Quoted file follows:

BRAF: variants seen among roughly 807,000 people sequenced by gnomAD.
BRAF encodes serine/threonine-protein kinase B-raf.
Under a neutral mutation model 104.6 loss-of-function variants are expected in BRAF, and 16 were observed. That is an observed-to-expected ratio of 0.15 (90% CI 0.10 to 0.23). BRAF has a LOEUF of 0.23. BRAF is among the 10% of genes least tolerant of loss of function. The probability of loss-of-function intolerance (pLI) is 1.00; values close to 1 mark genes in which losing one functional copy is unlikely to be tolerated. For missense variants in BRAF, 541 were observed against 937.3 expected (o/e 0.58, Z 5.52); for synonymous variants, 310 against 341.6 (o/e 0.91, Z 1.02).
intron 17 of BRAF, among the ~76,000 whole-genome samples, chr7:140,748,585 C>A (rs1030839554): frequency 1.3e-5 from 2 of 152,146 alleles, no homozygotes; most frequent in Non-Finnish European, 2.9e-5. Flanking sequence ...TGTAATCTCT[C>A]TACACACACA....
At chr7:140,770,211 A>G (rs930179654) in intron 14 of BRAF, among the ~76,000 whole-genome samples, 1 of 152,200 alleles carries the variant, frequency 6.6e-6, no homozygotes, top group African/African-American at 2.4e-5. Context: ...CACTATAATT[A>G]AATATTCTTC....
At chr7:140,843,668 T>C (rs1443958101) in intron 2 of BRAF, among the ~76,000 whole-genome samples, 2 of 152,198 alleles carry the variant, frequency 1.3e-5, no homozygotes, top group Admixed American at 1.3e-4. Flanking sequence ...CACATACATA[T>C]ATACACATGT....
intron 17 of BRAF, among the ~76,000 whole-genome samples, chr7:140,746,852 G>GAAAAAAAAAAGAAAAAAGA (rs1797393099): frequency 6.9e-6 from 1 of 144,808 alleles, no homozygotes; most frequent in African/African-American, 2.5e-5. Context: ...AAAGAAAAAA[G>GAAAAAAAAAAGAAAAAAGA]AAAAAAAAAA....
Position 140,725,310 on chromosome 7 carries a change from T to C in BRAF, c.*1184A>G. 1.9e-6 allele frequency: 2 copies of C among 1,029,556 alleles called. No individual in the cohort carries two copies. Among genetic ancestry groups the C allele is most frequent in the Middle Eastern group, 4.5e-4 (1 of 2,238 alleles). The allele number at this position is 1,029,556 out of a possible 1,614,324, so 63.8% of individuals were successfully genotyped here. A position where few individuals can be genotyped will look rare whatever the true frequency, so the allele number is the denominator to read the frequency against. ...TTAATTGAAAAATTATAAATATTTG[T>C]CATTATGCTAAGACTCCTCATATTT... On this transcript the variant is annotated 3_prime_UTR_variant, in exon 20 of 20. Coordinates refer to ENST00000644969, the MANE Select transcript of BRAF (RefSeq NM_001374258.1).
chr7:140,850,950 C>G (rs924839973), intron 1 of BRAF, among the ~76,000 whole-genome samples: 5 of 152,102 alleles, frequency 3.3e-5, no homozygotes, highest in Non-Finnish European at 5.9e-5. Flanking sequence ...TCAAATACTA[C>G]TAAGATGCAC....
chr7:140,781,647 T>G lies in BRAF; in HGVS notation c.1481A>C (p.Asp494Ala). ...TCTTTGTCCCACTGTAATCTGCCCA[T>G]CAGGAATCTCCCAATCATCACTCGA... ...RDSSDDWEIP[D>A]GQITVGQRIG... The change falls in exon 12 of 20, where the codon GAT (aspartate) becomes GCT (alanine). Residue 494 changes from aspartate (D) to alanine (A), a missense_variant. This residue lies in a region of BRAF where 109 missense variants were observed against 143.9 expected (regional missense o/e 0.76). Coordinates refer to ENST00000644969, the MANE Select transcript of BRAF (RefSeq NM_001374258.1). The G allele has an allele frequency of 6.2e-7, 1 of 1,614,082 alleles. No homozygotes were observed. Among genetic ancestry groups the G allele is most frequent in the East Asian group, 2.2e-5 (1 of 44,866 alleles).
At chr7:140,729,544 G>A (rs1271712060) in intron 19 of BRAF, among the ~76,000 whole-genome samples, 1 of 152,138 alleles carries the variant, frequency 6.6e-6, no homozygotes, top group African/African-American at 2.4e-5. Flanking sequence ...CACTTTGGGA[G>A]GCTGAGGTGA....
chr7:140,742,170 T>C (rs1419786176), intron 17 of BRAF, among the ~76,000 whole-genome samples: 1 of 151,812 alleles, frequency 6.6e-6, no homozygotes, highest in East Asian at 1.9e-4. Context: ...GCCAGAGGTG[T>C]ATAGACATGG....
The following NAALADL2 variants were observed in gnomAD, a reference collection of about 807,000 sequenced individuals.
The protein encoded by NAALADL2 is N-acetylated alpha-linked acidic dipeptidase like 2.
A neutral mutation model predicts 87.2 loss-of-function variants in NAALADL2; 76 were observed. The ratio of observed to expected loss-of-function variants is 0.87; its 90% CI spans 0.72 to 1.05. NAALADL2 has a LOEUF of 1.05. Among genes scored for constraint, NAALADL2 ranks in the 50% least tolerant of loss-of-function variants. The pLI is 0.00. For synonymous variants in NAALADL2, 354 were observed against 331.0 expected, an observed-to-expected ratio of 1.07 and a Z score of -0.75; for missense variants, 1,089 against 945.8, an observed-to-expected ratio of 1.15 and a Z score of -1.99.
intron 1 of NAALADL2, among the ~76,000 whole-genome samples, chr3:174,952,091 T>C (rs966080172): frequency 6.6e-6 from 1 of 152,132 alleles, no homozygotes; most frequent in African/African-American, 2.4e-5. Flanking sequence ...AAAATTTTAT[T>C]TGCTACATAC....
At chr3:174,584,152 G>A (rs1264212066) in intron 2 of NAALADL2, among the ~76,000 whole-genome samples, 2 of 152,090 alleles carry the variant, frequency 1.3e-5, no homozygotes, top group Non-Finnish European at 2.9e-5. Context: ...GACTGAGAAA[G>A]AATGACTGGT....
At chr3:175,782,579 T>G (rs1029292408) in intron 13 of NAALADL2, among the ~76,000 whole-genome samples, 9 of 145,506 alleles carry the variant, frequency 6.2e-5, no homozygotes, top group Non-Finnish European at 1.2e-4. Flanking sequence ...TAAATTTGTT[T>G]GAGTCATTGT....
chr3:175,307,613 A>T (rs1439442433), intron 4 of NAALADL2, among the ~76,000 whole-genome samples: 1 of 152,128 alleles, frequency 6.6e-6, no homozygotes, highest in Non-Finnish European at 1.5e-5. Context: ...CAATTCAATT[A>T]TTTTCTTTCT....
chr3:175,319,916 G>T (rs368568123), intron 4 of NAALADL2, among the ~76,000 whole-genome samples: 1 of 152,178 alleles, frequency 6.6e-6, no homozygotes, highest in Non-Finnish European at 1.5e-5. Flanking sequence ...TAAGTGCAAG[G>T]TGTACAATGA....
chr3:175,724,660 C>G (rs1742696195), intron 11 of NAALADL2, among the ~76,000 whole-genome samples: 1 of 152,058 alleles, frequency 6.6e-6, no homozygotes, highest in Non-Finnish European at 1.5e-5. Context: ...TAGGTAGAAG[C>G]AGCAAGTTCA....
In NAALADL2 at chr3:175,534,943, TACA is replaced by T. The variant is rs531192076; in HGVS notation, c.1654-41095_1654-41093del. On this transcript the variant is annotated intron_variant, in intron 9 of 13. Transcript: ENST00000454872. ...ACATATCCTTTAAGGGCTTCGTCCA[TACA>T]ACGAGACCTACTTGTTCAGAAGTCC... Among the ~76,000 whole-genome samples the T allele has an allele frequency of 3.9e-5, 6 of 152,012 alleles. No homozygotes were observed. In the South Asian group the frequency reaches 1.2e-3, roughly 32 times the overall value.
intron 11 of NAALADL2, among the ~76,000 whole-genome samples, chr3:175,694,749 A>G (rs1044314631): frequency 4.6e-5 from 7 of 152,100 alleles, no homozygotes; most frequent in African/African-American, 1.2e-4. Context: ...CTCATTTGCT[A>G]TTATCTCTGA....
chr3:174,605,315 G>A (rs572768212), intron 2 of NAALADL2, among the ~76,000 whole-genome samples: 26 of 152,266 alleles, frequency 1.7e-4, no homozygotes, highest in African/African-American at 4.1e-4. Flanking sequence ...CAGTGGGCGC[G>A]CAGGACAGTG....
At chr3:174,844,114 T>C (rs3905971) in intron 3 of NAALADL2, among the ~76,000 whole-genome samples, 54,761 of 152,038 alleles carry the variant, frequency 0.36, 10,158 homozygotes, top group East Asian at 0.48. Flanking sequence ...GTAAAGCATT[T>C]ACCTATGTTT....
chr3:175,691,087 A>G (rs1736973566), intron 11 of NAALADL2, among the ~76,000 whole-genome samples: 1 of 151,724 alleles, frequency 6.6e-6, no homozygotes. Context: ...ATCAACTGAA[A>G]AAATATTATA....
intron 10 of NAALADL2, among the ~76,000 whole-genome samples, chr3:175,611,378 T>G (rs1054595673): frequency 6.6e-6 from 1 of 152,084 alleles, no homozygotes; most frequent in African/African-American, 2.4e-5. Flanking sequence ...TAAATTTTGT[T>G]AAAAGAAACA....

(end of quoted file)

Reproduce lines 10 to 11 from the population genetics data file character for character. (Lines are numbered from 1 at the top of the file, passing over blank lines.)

chr7:140,781,647 T>G lies in BRAF; in HGVS notation c.1481A>C (p.Asp494Ala). ...TCTTTGTCCCACTGTAATCTGCCCA[T>G]CAGGAATCTCCCAATCATCACTCGA... ...RDSSDDWEIP[D>A]GQITVGQRIG... The change falls in exon 12 of 20, where the codon GAT (aspartate) becomes GCT (alanine). Residue 494 changes from aspartate (D) to alanine (A), a missense_variant. This residue lies in a region of BRAF where 109 missense variants were observed against 143.9 expected (regional missense o/e 0.76). Coordinates refer to ENST00000644969, the MANE Select transcript of BRAF (RefSeq NM_001374258.1). The G allele has an allele frequency of 6.2e-7, 1 of 1,614,082 alleles. No homozygotes were observed. Among genetic ancestry groups the G allele is most frequent in the East Asian group, 2.2e-5 (1 of 44,866 alleles).
At chr7:140,729,544 G>A (rs1271712060) in intron 19 of BRAF, among the ~76,000 whole-genome samples, 1 of 152,138 alleles carries the variant, frequency 6.6e-6, no homozygotes, top group African/African-American at 2.4e-5. Flanking sequence ...CACTTTGGGA[G>A]GCTGAGGTGA....